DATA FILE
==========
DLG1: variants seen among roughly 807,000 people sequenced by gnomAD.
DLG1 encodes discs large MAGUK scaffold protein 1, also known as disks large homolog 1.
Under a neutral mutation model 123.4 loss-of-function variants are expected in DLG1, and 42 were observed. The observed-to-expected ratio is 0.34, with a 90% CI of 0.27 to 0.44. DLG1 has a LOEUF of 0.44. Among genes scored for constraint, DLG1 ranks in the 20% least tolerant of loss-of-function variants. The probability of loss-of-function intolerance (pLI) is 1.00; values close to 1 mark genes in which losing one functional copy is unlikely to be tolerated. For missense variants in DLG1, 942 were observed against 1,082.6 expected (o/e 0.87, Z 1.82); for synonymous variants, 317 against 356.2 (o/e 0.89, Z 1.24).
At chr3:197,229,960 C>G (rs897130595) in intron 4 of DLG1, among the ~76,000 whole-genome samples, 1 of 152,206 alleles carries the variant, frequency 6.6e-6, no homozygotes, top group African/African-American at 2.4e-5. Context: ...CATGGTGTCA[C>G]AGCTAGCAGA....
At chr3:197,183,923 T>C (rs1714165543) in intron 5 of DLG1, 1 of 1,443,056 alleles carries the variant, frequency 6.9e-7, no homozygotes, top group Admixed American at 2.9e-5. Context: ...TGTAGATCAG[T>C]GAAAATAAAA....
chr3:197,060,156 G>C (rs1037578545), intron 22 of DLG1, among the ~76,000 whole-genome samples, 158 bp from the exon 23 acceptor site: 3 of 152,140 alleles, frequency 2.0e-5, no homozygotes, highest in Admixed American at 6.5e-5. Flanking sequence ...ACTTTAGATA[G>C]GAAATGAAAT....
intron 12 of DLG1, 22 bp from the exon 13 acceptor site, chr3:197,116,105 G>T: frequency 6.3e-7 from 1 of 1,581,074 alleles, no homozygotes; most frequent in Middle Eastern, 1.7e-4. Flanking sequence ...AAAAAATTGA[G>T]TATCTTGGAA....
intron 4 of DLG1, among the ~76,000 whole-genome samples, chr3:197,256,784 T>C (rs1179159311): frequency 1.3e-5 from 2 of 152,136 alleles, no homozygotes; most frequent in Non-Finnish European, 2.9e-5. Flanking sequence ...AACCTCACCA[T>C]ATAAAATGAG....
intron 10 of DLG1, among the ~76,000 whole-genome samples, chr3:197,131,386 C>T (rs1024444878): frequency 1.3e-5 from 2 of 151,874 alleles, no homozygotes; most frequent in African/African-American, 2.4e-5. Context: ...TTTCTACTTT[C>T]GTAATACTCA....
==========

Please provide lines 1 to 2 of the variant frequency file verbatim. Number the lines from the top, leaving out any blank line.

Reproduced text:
DLG1: variants seen among roughly 807,000 people sequenced by gnomAD.
DLG1 encodes discs large MAGUK scaffold protein 1, also known as disks large homolog 1.